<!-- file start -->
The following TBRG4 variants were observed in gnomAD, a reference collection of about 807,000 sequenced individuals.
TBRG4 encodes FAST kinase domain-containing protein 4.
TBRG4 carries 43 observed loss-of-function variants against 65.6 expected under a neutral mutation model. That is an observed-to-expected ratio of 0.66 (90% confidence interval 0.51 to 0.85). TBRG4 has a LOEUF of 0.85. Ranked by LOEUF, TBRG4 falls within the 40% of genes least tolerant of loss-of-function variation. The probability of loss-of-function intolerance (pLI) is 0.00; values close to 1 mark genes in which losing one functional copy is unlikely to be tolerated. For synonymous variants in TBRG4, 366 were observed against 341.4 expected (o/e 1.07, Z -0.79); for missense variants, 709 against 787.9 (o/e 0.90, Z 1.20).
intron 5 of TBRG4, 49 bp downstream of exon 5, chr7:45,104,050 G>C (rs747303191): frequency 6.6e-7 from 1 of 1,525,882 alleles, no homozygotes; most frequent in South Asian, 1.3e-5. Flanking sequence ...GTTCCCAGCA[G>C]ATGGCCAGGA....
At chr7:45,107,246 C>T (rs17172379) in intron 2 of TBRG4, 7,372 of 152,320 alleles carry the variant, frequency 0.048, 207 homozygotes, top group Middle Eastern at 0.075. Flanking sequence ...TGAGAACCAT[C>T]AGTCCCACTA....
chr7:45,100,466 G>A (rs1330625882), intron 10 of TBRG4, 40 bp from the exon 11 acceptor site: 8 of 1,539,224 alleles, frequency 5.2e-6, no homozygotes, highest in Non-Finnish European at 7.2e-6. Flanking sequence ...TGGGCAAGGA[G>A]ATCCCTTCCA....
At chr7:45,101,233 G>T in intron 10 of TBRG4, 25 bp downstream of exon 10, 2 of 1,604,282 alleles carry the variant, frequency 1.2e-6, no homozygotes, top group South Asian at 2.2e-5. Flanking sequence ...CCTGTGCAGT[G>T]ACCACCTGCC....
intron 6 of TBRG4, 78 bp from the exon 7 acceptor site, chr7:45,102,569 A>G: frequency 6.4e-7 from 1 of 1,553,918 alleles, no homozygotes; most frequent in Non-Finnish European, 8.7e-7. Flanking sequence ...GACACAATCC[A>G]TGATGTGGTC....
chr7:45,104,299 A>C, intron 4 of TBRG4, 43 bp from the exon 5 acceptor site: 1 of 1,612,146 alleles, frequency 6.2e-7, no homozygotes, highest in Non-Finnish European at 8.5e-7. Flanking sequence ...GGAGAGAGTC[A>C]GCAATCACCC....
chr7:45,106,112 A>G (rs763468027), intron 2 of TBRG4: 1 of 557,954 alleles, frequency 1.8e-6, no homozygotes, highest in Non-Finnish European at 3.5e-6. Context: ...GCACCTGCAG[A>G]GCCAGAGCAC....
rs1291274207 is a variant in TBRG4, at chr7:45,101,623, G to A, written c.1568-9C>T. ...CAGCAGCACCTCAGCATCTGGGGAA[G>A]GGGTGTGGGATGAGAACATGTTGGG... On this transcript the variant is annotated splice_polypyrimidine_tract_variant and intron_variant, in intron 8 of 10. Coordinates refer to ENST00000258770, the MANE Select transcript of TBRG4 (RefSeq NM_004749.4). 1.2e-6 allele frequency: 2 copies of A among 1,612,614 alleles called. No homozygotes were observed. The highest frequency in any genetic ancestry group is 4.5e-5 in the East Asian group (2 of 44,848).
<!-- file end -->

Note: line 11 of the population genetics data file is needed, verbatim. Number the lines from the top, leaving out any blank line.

rs1291274207 is a variant in TBRG4, at chr7:45,101,623, G to A, written c.1568-9C>T. ...CAGCAGCACCTCAGCATCTGGGGAA[G>A]GGGTGTGGGATGAGAACATGTTGGG... On this transcript the variant is annotated splice_polypyrimidine_tract_variant and intron_variant, in intron 8 of 10. Coordinates refer to ENST00000258770, the MANE Select transcript of TBRG4 (RefSeq NM_004749.4). 1.2e-6 allele frequency: 2 copies of A among 1,612,614 alleles called. No homozygotes were observed. The highest frequency in any genetic ancestry group is 4.5e-5 in the East Asian group (2 of 44,848).